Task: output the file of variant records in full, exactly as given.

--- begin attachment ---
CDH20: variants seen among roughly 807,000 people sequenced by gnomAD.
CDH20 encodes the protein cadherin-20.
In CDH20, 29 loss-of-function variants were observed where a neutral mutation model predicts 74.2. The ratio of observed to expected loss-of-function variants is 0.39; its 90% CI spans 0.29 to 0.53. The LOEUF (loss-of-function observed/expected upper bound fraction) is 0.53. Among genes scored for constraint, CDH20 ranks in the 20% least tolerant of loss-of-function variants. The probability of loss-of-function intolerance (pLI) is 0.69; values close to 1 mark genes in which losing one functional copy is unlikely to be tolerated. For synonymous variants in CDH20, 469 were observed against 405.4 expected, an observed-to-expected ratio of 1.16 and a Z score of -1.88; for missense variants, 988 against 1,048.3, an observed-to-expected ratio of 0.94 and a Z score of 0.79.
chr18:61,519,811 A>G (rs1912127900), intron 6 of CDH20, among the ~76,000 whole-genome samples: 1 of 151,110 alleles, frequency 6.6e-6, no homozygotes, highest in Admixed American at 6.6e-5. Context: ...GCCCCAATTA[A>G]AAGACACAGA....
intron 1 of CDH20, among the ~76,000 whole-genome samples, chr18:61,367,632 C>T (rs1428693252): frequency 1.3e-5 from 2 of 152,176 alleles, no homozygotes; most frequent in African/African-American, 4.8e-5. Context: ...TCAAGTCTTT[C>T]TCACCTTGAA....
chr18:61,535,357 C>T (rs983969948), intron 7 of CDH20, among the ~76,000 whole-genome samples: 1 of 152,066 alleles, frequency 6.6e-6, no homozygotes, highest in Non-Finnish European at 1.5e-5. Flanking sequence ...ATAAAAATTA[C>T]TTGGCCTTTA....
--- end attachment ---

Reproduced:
CDH20: variants seen among roughly 807,000 people sequenced by gnomAD.
CDH20 encodes the protein cadherin-20.
In CDH20, 29 loss-of-function variants were observed where a neutral mutation model predicts 74.2. The ratio of observed to expected loss-of-function variants is 0.39; its 90% CI spans 0.29 to 0.53. The LOEUF (loss-of-function observed/expected upper bound fraction) is 0.53. Among genes scored for constraint, CDH20 ranks in the 20% least tolerant of loss-of-function variants. The probability of loss-of-function intolerance (pLI) is 0.69; values close to 1 mark genes in which losing one functional copy is unlikely to be tolerated. For synonymous variants in CDH20, 469 were observed against 405.4 expected, an observed-to-expected ratio of 1.16 and a Z score of -1.88; for missense variants, 988 against 1,048.3, an observed-to-expected ratio of 0.94 and a Z score of 0.79.
chr18:61,519,811 A>G (rs1912127900), intron 6 of CDH20, among the ~76,000 whole-genome samples: 1 of 151,110 alleles, frequency 6.6e-6, no homozygotes, highest in Admixed American at 6.6e-5. Context: ...GCCCCAATTA[A>G]AAGACACAGA....
intron 1 of CDH20, among the ~76,000 whole-genome samples, chr18:61,367,632 C>T (rs1428693252): frequency 1.3e-5 from 2 of 152,176 alleles, no homozygotes; most frequent in African/African-American, 4.8e-5. Context: ...TCAAGTCTTT[C>T]TCACCTTGAA....
chr18:61,535,357 C>T (rs983969948), intron 7 of CDH20, among the ~76,000 whole-genome samples: 1 of 152,066 alleles, frequency 6.6e-6, no homozygotes, highest in Non-Finnish European at 1.5e-5. Flanking sequence ...ATAAAAATTA[C>T]TTGGCCTTTA....